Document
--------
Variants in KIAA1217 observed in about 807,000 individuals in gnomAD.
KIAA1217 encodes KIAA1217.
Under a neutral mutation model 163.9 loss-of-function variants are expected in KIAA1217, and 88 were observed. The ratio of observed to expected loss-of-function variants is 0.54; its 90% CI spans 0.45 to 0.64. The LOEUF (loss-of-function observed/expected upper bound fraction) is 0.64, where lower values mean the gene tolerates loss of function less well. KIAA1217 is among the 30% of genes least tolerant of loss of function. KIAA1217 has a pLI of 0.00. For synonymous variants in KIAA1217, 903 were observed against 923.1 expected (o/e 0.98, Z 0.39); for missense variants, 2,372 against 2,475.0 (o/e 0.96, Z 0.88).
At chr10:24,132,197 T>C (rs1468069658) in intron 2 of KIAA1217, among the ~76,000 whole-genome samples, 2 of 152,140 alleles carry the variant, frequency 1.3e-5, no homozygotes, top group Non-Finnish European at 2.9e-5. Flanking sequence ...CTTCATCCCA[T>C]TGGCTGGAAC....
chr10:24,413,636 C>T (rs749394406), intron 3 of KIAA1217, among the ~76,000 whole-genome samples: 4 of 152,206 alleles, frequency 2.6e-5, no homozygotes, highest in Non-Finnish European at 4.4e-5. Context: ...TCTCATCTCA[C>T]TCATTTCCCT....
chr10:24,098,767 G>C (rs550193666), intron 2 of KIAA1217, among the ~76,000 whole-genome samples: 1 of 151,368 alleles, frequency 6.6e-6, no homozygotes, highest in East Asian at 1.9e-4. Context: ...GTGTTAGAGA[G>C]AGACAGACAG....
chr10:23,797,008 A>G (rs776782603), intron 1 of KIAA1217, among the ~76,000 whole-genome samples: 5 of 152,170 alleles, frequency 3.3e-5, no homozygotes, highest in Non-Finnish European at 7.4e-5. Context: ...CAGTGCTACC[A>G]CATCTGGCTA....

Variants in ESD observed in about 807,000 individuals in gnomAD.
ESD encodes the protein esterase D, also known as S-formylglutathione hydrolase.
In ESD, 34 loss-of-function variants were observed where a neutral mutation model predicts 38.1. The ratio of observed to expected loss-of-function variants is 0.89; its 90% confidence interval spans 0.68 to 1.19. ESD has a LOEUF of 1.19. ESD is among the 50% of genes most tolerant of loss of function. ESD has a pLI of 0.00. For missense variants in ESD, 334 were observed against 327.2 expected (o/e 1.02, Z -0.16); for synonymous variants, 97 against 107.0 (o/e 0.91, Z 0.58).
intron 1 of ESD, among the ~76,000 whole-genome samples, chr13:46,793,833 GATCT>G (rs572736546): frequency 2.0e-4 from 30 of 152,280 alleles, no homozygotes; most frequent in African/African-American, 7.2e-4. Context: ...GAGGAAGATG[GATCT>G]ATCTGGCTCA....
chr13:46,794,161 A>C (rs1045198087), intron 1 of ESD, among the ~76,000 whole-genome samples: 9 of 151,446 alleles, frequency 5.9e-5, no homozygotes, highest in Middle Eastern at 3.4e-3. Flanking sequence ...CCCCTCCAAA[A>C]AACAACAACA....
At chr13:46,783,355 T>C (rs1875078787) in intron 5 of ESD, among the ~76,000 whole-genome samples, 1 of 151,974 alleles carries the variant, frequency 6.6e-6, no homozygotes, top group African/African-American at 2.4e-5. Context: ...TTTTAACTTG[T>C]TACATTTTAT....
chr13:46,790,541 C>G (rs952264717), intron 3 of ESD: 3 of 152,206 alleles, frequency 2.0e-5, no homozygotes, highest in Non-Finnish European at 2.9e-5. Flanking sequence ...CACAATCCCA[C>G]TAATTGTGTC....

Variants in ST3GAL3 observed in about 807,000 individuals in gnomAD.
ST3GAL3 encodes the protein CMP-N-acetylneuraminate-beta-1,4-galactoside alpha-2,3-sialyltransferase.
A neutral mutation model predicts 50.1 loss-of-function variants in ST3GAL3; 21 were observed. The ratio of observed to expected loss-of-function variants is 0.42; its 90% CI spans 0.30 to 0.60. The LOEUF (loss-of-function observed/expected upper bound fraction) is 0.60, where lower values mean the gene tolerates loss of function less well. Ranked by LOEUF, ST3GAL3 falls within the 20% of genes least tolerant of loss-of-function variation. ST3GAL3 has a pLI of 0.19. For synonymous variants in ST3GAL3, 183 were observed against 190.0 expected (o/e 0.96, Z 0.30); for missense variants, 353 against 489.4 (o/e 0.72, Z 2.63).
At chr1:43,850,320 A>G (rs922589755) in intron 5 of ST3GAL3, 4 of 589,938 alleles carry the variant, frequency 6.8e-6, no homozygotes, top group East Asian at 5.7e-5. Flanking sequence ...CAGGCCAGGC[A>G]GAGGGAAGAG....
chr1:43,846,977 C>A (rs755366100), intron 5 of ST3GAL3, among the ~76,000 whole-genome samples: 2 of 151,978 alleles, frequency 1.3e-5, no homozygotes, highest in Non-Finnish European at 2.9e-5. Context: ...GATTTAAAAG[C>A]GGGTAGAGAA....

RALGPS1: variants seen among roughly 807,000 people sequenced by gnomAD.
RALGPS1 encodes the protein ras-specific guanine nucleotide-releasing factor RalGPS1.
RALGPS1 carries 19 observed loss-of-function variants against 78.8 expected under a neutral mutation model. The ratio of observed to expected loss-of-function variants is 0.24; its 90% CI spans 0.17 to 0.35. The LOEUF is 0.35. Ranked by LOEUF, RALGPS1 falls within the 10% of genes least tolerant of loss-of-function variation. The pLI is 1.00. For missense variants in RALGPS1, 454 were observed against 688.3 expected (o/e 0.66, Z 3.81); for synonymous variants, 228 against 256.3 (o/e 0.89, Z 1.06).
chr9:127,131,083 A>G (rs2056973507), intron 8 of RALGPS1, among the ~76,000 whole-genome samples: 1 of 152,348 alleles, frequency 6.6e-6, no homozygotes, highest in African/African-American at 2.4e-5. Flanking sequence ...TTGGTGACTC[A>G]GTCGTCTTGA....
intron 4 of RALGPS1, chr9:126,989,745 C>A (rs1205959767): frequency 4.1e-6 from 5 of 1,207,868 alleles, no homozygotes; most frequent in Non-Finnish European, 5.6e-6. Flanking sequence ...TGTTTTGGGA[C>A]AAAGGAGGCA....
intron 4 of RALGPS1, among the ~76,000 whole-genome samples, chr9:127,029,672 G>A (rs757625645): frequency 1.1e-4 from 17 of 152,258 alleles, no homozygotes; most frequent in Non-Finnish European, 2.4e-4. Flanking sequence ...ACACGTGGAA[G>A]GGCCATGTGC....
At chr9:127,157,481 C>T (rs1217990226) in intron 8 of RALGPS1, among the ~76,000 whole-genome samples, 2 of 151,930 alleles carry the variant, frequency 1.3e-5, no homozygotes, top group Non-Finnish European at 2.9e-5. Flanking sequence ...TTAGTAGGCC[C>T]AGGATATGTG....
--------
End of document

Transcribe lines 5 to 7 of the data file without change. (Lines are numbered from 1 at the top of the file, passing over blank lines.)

chr10:24,413,636 C>T (rs749394406), intron 3 of KIAA1217, among the ~76,000 whole-genome samples: 4 of 152,206 alleles, frequency 2.6e-5, no homozygotes, highest in Non-Finnish European at 4.4e-5. Context: ...TCTCATCTCA[C>T]TCATTTCCCT....
chr10:24,098,767 G>C (rs550193666), intron 2 of KIAA1217, among the ~76,000 whole-genome samples: 1 of 151,368 alleles, frequency 6.6e-6, no homozygotes, highest in East Asian at 1.9e-4. Context: ...GTGTTAGAGA[G>C]AGACAGACAG....
chr10:23,797,008 A>G (rs776782603), intron 1 of KIAA1217, among the ~76,000 whole-genome samples: 5 of 152,170 alleles, frequency 3.3e-5, no homozygotes, highest in Non-Finnish European at 7.4e-5. Context: ...CAGTGCTACC[A>G]CATCTGGCTA....